Grand theatre lights up Indian victory
As Amit Mishra bowled the 131st over of the innings, with South Africa a minimum of 18 balls from survival, the stands at the Eden Gardens resembled a cauldron about to bubble over. The only man impervious to it all was Hashim Amla. Leg break, googly, slider - it made no difference to him. As each ball was painstakingly kept out with no hint of fatigue, some fans became exasperated. A policeman stormed off in a huff to smoke in the stairwell, a young man stamped his feet and others just groaned.
Then, as though they were aware of how the collective mood might affect those on the field, the backdrop was transformed. By the time Harbhajan Singh had the ball in his hand at the High Court End, most people in the crowd were on their feet. Many clapped a staccato beat, others roared. A turbaned Sikh at the front of the stand above the clubhouse waved the Indian flag as Sourav Ganguly had once whirled his shirt at Lord's. It could have been the Rumble in the Jungle.
It was pure theatre. When the umpire's finger went up three balls later and Morne Morkel sank to his knees in despair, the Eden roar that once celebrated the halting of an Australian juggernaut could be heard again. In their infinite wisdom, India's cricket administrators had scheduled no Test cricket here since December 2007, giving games to undeserving venues where barely a couple of thousand bother to turn up. Here, the 12th-man factor was undeniable, and it only reasserted why this hallowed ground is the true cathedral of Indian cricket.
Every great amphitheatre needs its heroes though, and India found several on a day when fortunes ebbed and flowed as they can only in the most intriguing form of the game. The loss of Zaheer Khan, usually so effective with the old ball, would have been disheartening but MS Dhoni mixed and matched his resources to get the best possible results.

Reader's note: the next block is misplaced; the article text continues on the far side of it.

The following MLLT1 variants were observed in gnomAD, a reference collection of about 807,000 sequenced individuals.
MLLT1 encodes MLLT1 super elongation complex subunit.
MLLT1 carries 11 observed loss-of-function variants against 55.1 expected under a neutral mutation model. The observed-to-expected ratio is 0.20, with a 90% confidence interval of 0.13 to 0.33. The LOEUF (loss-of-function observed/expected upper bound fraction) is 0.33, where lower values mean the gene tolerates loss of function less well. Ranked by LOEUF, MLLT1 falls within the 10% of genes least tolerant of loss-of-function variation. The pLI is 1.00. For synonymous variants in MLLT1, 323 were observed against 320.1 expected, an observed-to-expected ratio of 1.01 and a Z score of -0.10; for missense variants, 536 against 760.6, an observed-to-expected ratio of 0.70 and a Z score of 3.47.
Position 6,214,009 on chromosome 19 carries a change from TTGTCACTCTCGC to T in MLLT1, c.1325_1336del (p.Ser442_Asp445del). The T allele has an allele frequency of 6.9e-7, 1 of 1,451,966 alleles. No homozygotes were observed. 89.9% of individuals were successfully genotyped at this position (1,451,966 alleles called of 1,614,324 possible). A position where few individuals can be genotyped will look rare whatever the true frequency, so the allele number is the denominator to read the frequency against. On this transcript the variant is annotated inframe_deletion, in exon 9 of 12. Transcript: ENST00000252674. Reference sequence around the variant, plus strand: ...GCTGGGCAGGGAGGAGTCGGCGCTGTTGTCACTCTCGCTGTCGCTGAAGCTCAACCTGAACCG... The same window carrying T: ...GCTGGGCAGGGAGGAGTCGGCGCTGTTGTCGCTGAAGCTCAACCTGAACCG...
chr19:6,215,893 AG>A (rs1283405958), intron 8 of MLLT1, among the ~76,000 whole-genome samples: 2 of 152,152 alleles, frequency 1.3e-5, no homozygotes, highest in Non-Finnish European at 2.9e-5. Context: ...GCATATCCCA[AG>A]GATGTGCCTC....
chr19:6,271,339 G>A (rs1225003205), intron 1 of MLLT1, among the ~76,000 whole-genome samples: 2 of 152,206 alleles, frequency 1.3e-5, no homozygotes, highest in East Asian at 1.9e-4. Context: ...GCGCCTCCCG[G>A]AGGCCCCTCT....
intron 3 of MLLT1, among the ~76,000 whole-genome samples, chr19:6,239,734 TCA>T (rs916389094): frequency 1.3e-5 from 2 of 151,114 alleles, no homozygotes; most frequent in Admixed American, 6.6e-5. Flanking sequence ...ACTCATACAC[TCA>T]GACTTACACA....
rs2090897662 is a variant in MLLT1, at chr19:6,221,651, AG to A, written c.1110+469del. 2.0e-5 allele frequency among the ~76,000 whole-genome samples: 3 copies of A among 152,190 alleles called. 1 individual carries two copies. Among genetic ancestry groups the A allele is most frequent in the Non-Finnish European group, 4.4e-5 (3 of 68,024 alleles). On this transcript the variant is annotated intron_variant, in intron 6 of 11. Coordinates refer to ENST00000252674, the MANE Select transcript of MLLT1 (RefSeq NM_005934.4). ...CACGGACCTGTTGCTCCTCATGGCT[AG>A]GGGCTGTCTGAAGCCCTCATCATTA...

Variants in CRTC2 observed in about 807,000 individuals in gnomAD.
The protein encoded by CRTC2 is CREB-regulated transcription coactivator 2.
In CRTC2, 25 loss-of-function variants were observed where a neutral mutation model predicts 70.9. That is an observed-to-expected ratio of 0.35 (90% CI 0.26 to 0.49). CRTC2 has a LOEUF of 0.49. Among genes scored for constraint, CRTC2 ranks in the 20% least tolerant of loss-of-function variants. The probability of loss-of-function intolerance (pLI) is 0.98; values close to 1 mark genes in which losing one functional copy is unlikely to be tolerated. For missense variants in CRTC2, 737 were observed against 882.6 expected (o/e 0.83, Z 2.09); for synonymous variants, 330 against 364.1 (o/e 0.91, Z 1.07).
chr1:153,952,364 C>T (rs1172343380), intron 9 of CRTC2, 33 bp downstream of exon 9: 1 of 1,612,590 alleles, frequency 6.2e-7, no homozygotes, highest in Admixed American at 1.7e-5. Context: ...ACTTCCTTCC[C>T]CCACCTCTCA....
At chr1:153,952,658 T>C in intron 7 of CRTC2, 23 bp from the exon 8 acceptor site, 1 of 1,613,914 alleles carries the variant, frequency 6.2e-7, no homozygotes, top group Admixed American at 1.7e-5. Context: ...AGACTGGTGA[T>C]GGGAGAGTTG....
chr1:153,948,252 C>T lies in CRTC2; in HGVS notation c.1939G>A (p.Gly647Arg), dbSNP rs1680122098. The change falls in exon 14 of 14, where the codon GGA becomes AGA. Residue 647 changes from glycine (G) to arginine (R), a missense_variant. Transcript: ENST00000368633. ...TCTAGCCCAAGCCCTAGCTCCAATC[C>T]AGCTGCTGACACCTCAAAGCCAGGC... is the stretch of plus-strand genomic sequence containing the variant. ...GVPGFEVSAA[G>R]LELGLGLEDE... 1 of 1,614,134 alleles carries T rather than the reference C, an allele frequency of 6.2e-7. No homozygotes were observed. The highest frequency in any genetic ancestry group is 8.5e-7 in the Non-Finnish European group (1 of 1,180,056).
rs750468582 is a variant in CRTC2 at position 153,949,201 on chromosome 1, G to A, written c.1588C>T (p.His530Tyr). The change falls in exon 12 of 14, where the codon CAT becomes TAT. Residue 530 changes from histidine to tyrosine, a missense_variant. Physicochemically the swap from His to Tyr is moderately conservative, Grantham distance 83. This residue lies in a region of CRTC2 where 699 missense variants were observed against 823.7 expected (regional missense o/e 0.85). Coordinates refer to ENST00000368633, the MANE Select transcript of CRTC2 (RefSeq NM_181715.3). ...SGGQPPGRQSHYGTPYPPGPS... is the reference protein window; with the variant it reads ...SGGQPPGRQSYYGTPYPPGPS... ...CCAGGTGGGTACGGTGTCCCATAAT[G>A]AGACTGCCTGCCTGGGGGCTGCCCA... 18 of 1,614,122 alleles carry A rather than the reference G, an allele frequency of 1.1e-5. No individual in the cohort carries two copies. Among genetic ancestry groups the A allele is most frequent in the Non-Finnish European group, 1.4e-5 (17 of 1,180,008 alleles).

Predictably, Harbhajan was right in the thick of things. Back in 2001, he had taken 13 of the Australian wickets to fall. And in 2004, it was his 7 for 87 in the second innings that clinched a series victory against Graeme Smith's side. There's something about the buzz at this ground that appeals to his gladiatorial instincts, and he was magnificent on a final-day pitch that was as far from being a bunsen as you could imagine.
Extra flight and a more tempting line ended Ashwell Prince's morning of defiance, while JP Duminy made the mistake of trying to negotiate him from well within the crease. Dale Steyn was clueless about one looped beautifully from round the wicket and then Morkel, after a 126-ball partnership with Amla, was struck on the pad by one that beat his tentative push. After some of the rubbish aired on television in the past week, you could forgive him the angry gesticulations. He had more than proved his point.
As had Mishra. Wicketless in Nagpur and discarded for the second Test in Bangladesh, he has had the unenviable task of trying to fit into Anil Kumble's size 11s. And while Harbhajan will get the plaudits, it shouldn't be forgotten that it was Mishra who removed two South African batsmen capable of playing epic innings, Graeme Smith and Jacques Kallis. On the final day, he added the wicket of AB de Villiers, the hero of the Perth run-chase befuddled by a perfectly pitched googly.
Spare a thought too for Ishant Sharma, struggling for form and rhythm and entrusted with a man's job in Zaheer's absence. Some of the balls he bowled betrayed his problems, but he deserves immense credit for persevering. Wayne Parnell had annoyed the Indians for nearly 25 overs when Ishant induced a lazy stroke, and the wicket of Paul Harris, who played his part in the MCG heist of 2008, was just as vital.
And what of Dhoni? The purists will quibble at the fields he set, with the silly point missing for long periods and Amla given freedom to work the ball around, but he kept rotating the bowlers all day in conditions where you had to do far more than land the ball on a rough patch. The introduction of Sachin Tendulkar was almost an inspired move, with Morkel fortunate to survive a Warne-like delivery, and even when the game appeared to be slipping away, the mask of composure that he wears so well remained.
The victory against Australia at the Wankhede in 2004 had this edge-of-seat quality, albeit on a pitch that reduced batsmanship to roulette. But unlike that dead rubber, this was a match with plenty at stake. The media obsessed about the No.1 ranking, but for the players it was primarily about restoring pride after they had allowed South Africa to walk all over them in Nagpur.
Such tests of character and rites of passage are mandatory for any side aspiring for champion status. Over the past two years, India have passed several with flying colours. The greatest one awaits in South Africa at the end of the year. Given how this rivalry has grown in stature, that series can't come soon enough.